For example, the martial arts game asks players to hit one of the face buttons to hit targets above, below, or to either side of the player character, and that's it. If you've played the bonus stages in Parappa the Rapper 2, you've played it, essentially! At first, objects come in one at a time, but as the difficulty ramps up, you have to hit several buttons in rapid succession to destroy up to four obstacles that have appeared simultaneously. If you take too long, you'll just sort of twirl awkwardly instead of doing an impressive karate-style move.
The baseball game is a home-run derby, and that's it. Your "targeting" is represented by a square -- you can aim your swing by holding a direction on the d-pad or nub, which will place a sort of cursor in a side or corner of that square. Just as the pitcher throws the ball, one area of the target will light up to let you know where to aim. You then swing with the circle button. The game keeps track of your home runs.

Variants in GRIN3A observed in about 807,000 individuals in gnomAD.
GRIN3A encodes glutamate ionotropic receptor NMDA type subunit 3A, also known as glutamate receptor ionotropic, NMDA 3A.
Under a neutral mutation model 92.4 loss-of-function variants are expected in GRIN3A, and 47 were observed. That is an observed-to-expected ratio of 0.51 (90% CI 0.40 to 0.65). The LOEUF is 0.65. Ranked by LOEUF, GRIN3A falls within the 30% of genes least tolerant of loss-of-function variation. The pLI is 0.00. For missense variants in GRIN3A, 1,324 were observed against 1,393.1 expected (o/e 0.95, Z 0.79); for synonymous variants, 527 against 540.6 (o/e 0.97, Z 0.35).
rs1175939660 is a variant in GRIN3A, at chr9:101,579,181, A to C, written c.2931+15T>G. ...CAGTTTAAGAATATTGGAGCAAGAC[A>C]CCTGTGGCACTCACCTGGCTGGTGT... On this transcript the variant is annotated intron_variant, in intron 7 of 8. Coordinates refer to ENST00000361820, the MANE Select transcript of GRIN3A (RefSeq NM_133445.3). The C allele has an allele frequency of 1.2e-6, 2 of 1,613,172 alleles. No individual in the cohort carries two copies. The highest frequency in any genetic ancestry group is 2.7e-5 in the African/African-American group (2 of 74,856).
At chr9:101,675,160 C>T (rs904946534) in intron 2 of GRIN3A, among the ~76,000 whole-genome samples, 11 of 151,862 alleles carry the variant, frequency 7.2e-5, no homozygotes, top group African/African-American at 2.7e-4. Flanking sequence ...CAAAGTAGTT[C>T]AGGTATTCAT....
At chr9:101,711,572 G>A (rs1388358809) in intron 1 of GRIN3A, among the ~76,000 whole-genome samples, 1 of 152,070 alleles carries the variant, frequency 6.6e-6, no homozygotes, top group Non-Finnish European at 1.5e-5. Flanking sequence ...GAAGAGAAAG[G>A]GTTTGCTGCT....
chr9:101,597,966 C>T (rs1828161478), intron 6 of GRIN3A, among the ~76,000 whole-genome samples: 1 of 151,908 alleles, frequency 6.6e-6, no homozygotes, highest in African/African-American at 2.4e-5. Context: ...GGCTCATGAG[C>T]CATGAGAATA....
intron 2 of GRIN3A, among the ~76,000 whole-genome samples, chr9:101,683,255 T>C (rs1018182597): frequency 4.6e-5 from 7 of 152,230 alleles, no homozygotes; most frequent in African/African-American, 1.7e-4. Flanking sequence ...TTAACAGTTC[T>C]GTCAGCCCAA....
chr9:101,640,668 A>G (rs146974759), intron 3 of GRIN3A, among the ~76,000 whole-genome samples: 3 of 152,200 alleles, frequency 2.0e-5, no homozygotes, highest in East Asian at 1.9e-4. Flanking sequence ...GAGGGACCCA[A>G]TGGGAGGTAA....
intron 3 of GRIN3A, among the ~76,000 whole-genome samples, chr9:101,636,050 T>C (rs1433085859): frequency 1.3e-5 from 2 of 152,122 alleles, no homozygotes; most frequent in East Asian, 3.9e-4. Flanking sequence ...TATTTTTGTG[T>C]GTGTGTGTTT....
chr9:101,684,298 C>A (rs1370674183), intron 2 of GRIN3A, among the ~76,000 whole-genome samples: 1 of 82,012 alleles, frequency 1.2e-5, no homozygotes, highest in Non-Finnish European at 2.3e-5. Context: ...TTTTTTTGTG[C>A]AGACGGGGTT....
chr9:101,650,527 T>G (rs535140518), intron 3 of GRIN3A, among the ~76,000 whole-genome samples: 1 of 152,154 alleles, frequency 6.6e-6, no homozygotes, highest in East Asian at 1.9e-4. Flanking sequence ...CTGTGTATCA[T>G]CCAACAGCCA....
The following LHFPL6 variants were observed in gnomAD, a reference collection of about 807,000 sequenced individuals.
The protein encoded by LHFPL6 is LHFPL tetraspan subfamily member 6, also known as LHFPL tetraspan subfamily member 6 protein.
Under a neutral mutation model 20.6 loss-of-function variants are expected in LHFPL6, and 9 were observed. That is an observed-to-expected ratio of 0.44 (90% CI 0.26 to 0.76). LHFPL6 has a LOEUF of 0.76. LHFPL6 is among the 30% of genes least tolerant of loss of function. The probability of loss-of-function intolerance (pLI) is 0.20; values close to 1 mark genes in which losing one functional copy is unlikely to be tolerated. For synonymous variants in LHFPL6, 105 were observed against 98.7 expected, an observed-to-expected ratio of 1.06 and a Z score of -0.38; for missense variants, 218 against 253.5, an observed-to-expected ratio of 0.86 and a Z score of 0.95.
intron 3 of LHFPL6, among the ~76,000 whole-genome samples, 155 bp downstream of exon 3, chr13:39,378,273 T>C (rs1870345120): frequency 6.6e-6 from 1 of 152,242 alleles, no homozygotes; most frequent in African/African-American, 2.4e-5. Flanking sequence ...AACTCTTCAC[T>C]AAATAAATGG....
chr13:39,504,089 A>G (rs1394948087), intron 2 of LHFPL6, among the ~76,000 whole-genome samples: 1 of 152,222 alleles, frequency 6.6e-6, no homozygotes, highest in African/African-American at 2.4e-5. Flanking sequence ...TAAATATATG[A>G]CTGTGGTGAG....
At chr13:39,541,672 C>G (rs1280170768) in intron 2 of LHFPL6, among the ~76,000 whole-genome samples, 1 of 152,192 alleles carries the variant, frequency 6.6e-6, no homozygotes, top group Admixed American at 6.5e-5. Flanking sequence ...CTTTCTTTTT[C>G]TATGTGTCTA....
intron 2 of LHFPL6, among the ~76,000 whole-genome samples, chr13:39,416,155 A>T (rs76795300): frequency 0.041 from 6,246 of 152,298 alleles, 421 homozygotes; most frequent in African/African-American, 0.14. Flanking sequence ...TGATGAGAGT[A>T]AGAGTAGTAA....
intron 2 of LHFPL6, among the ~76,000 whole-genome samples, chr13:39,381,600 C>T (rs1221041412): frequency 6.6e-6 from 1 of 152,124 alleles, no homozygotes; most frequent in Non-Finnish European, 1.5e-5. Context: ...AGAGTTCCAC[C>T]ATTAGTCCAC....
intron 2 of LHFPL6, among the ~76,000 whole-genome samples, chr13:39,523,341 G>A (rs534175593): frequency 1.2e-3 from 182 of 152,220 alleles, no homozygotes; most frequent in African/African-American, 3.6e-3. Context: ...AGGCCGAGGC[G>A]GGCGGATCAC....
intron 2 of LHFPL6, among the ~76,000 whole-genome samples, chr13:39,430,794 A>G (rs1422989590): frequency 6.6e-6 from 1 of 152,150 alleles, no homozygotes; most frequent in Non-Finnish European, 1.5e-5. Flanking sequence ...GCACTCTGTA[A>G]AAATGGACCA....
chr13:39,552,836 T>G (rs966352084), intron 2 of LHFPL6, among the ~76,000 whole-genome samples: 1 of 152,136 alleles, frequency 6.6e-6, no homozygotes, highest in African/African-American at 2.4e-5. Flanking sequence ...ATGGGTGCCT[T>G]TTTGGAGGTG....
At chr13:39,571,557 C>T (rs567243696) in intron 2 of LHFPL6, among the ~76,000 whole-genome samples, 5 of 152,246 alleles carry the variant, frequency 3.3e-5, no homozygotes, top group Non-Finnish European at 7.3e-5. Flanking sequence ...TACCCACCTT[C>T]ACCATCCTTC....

The vegetable fighting game is really, really weird. It's Dynasty Warriors starring what looked like a sword-wielding salt shaker, taking on wave after wave of animate vegetables on the kitchen table. The shaker can execute combo attacks by mashing the attack button Occasionally a "boss" enemy, like a giant parsnip, would appear which would require a lot more time to cut into beautiful slices. The entire game seemed to take place in that one area, and there didn't seem to be any end to that single stage. Toward the end, I received a power-up -- a big frying pan that let me smash multiple enemies against the table at once. This power-up never seemed to go away, and nobody could get anywhere near me while I was using it. I just kept smashing hundreds of garlic bulbs, tomatoes, and onions with a giant frying pan. And that's it.
The best game of those I played was the book-sorting, in which you organize volumes on a shelf (and that's it). Multiple volumes of books, in different series, are lined up on a shelf out of order, and the player is challenged to move books around so that the volumes are in numerical order. When you make blocks of correctly-placed books, those blocks move as a unit, making it easier to move the stragglers around. As the difficulty increases, more books are shelved upside down, and more different series share shelf space.
This game seemed like a fresh idea for a puzzle game, but everything else I saw in Minna no Sukkiri seemed entirely inconsequential. If the individual minigames were offered as PSP minis, they would almost certainly go ignored.